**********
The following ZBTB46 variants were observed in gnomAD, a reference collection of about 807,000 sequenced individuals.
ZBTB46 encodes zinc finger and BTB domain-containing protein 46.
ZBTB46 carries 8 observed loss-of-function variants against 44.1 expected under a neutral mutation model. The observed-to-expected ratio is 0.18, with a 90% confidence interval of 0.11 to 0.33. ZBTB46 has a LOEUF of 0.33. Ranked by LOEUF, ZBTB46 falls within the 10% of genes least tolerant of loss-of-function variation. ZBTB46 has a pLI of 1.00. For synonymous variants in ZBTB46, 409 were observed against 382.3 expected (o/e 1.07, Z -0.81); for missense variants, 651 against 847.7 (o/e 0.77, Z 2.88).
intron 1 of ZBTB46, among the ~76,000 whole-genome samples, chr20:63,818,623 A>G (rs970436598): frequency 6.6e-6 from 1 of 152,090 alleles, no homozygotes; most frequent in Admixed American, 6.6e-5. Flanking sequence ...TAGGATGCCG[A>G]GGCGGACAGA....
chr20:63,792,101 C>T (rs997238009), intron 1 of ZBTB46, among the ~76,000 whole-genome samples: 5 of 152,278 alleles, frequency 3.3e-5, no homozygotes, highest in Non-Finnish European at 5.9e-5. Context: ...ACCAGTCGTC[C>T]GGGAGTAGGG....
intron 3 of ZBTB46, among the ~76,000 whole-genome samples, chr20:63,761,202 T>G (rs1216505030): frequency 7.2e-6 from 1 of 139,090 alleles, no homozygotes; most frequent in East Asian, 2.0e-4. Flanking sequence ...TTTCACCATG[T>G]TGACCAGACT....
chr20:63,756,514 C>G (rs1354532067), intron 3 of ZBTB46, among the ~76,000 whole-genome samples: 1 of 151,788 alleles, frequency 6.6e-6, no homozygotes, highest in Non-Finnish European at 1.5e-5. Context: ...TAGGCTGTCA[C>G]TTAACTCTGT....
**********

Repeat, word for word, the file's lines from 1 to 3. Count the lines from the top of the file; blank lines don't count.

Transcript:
The following ZBTB46 variants were observed in gnomAD, a reference collection of about 807,000 sequenced individuals.
ZBTB46 encodes zinc finger and BTB domain-containing protein 46.
ZBTB46 carries 8 observed loss-of-function variants against 44.1 expected under a neutral mutation model. The observed-to-expected ratio is 0.18, with a 90% confidence interval of 0.11 to 0.33. ZBTB46 has a LOEUF of 0.33. Ranked by LOEUF, ZBTB46 falls within the 10% of genes least tolerant of loss-of-function variation. ZBTB46 has a pLI of 1.00. For synonymous variants in ZBTB46, 409 were observed against 382.3 expected (o/e 1.07, Z -0.81); for missense variants, 651 against 847.7 (o/e 0.77, Z 2.88).